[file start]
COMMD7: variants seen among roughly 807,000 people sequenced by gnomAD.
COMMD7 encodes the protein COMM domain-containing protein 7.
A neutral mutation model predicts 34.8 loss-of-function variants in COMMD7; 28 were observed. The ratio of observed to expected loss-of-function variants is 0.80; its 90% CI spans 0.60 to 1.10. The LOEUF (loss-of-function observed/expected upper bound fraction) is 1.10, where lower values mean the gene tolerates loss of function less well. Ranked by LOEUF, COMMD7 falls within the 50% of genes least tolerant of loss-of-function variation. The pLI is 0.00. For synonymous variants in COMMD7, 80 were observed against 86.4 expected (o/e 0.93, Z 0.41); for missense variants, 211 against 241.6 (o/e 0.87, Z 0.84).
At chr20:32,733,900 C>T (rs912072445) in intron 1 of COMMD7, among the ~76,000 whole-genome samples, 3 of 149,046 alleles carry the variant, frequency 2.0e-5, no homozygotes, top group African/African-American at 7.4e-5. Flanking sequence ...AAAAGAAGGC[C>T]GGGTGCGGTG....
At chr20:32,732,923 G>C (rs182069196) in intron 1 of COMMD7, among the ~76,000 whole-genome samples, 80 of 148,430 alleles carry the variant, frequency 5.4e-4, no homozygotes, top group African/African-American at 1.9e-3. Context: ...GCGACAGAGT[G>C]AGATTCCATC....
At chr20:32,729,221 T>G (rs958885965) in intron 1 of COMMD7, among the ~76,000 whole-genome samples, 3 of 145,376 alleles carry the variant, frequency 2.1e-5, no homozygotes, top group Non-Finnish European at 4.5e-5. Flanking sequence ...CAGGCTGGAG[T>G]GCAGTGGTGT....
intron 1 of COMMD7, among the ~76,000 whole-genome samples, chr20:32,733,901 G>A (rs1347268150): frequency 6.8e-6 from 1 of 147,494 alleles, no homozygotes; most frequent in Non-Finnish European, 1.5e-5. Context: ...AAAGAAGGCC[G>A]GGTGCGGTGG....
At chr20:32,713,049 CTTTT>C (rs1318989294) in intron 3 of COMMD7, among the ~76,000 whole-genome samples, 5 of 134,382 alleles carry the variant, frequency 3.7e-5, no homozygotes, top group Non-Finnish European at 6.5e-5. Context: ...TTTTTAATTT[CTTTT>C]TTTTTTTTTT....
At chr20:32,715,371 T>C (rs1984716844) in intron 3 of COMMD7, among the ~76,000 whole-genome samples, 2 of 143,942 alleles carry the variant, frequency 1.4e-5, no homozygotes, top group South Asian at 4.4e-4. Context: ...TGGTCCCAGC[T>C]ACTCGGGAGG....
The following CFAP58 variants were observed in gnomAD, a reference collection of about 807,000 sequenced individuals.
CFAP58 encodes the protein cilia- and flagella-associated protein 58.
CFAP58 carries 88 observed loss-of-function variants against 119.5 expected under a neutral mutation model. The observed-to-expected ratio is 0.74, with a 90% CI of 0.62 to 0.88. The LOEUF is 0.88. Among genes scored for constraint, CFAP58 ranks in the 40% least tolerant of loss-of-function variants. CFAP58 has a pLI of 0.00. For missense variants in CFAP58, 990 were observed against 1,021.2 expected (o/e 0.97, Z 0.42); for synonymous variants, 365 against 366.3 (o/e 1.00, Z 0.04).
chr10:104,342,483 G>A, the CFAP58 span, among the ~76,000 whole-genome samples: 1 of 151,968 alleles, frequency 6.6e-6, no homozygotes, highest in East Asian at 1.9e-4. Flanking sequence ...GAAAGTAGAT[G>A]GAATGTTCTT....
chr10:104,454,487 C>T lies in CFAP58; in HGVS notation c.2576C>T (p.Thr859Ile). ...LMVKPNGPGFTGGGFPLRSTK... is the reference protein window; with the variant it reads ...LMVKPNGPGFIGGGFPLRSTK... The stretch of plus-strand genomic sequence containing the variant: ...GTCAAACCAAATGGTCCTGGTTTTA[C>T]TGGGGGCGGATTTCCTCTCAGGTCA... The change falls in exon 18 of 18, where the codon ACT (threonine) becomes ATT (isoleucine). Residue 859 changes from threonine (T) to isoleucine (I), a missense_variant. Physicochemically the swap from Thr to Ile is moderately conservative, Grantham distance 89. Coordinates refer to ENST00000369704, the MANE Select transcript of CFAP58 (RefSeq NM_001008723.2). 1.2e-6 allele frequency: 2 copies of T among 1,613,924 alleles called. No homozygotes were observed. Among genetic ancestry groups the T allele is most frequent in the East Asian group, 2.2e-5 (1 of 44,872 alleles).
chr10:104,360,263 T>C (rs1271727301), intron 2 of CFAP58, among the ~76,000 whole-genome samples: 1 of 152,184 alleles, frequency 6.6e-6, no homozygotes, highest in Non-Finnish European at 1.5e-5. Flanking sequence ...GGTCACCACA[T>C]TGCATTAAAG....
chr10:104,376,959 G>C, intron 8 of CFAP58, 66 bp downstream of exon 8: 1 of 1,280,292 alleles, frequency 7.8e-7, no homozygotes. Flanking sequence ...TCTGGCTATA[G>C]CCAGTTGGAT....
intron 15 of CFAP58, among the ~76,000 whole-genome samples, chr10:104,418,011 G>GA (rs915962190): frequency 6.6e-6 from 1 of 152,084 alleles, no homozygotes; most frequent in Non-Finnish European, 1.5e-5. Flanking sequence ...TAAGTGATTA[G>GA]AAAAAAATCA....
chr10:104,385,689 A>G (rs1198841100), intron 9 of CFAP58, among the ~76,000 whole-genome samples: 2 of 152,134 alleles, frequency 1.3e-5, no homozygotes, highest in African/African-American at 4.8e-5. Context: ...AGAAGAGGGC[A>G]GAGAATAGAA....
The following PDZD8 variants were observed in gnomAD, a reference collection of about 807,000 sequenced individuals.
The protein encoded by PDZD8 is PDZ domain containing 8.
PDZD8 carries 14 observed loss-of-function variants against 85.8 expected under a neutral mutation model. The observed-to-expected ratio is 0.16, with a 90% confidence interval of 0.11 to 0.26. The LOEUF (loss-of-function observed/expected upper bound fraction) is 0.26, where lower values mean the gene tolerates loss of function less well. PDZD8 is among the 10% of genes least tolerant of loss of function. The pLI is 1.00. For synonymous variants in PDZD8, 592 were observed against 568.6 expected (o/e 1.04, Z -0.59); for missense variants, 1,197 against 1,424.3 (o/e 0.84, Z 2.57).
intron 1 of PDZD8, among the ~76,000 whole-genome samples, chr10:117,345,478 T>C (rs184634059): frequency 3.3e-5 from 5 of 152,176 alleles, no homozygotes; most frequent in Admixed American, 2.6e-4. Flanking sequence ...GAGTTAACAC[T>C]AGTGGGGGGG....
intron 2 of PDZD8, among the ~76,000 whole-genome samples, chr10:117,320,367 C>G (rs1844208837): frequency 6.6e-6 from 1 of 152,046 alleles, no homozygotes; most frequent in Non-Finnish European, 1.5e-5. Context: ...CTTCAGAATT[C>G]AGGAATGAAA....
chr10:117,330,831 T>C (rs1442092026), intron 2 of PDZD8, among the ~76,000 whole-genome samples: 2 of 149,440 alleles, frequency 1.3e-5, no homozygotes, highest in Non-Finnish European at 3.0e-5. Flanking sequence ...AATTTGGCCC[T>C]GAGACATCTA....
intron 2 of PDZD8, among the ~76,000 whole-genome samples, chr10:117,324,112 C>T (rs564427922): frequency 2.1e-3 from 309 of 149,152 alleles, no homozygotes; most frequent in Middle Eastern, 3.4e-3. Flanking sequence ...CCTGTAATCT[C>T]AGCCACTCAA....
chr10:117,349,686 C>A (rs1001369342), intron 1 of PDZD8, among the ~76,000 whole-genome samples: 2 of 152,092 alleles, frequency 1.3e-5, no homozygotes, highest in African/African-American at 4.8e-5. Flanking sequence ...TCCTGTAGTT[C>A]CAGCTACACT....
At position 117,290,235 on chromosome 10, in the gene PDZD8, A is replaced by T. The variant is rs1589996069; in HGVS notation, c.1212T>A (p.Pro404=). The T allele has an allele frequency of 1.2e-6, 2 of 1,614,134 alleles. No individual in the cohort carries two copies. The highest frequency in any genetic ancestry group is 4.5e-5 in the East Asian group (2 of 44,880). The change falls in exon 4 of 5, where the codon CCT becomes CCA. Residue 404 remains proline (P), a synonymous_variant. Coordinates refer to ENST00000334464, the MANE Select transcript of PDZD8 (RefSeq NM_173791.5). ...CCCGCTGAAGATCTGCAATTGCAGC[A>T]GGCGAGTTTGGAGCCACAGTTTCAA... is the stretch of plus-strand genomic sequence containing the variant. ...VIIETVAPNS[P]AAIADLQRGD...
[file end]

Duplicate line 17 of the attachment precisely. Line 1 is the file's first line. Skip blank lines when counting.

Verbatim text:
intron 15 of CFAP58, among the ~76,000 whole-genome samples, chr10:104,418,011 G>GA (rs915962190): frequency 6.6e-6 from 1 of 152,084 alleles, no homozygotes; most frequent in Non-Finnish European, 1.5e-5. Flanking sequence ...TAAGTGATTA[G>GA]AAAAAAATCA....